I’m convinced that what I witnessed that night was art. This thing that felt precious to me, now spoke to others. My little grey area had now expanded to include a hundred-seat theater and adjacent projection closet. The lights come on in the theater and the obvious is confirmed: This was an all-black audience coming in to watch a discount horror flick weeks after it originally released. These weren’t the know-it-all fans of Jordan Peele, or those with the expendable income to invest in premium ticket prices on a Friday night release. My audience was here for a good time on a Tuesday night in this, the lower income area of Tallahassee, Florida just outside the oh-so-sacred gates of the capital building and adjacent Florida State University.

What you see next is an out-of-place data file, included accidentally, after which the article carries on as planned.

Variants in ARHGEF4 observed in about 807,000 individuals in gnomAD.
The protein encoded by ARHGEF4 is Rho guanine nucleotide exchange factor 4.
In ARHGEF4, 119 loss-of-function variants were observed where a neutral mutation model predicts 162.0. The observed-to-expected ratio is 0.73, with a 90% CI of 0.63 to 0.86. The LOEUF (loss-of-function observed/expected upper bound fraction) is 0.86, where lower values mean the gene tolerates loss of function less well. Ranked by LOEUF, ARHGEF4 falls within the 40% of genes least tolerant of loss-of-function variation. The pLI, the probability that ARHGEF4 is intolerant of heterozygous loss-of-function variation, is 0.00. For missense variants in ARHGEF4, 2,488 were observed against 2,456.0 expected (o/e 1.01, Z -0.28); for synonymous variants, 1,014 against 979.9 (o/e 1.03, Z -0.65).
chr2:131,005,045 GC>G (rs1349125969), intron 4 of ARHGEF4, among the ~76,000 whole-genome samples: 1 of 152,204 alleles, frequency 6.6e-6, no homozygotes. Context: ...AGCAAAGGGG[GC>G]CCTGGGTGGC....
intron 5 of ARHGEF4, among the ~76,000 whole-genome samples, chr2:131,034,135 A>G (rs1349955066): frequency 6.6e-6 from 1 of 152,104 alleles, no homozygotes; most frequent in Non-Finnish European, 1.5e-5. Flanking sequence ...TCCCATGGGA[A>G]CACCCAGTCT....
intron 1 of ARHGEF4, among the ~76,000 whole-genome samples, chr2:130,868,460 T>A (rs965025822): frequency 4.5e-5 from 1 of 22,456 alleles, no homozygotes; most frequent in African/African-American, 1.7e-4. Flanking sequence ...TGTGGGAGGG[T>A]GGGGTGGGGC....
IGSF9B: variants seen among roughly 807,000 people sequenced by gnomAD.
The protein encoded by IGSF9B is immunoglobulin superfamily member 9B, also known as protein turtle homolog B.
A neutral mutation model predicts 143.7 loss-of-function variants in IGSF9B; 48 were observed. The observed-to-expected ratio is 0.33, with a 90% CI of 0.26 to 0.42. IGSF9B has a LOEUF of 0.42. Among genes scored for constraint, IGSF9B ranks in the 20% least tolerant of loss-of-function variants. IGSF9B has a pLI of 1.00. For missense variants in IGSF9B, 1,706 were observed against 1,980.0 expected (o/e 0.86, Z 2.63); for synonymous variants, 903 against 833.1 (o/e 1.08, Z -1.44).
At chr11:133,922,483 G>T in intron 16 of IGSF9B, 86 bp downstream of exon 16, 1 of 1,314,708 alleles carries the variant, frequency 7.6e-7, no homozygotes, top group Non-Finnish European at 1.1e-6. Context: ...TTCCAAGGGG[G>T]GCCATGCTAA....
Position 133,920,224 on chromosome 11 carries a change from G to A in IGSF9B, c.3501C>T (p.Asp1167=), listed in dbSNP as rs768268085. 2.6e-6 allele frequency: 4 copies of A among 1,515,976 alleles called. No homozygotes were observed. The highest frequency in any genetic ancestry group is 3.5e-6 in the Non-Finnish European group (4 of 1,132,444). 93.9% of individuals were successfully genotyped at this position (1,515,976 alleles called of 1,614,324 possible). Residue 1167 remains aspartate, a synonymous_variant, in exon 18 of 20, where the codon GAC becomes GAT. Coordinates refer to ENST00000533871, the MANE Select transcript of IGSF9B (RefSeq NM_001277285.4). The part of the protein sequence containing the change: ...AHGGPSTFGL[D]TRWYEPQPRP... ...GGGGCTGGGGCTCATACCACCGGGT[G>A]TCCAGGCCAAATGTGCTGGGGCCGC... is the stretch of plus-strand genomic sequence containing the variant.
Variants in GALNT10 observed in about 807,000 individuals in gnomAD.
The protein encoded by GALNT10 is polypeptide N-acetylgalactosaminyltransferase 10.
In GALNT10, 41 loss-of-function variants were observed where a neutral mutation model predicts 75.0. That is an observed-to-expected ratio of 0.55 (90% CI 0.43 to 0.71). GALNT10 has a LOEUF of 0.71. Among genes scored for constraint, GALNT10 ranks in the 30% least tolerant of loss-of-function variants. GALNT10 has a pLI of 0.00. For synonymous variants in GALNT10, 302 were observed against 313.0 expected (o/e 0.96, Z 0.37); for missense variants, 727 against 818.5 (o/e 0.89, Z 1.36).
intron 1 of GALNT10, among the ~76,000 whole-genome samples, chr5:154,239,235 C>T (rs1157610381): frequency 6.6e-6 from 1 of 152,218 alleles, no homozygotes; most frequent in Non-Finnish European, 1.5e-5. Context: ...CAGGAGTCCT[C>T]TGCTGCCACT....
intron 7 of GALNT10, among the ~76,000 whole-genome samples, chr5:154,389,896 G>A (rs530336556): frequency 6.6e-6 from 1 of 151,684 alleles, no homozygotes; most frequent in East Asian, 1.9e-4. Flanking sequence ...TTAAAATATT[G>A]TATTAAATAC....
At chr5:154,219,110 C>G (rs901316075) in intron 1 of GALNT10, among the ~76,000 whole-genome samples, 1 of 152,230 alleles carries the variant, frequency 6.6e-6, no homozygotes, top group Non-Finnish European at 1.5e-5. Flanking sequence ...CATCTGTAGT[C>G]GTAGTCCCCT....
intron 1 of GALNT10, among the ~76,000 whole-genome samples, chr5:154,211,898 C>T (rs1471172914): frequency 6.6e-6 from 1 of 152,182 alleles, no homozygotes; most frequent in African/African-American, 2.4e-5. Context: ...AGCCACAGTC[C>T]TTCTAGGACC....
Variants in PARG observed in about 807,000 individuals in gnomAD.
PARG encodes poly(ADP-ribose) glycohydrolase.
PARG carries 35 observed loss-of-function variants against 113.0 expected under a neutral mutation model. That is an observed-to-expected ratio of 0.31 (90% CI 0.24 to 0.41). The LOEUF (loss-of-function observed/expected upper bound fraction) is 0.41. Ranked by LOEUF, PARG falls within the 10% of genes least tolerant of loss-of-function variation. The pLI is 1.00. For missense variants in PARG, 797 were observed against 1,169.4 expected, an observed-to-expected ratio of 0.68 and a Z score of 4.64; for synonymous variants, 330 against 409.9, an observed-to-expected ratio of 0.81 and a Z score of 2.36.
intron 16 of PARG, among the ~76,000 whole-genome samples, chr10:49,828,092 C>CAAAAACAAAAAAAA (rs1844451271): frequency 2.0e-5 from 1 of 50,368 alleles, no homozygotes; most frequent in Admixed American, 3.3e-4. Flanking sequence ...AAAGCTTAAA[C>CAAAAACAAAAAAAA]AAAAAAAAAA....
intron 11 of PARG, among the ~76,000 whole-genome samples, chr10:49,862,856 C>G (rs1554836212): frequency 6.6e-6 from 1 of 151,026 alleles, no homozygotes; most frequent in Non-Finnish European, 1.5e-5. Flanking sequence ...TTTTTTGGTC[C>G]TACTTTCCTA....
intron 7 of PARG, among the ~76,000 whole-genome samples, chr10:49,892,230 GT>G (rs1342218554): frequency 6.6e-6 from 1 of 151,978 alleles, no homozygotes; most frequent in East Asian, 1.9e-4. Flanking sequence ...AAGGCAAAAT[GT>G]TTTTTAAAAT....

The movie theater had served a communal function. It was the same function offered by any physical space: a concert hall, a baseball stadium; a local bar; an after school program; a church. The purpose of these spaces vary in degree but the function will always be the same: to foster community. To reveal something about ourselves which initially feels unique to our history, but actually implicates the universal. And in that cheesy way I feel like I learned something about myself. The faces that lined this popcorn-scented theater weren’t so different from the immigrant faces that lined to isles of St. Martha. The tired and slightly confused, and the jubilee that beamed from some but not from others. I left that theater thinking “I get it.”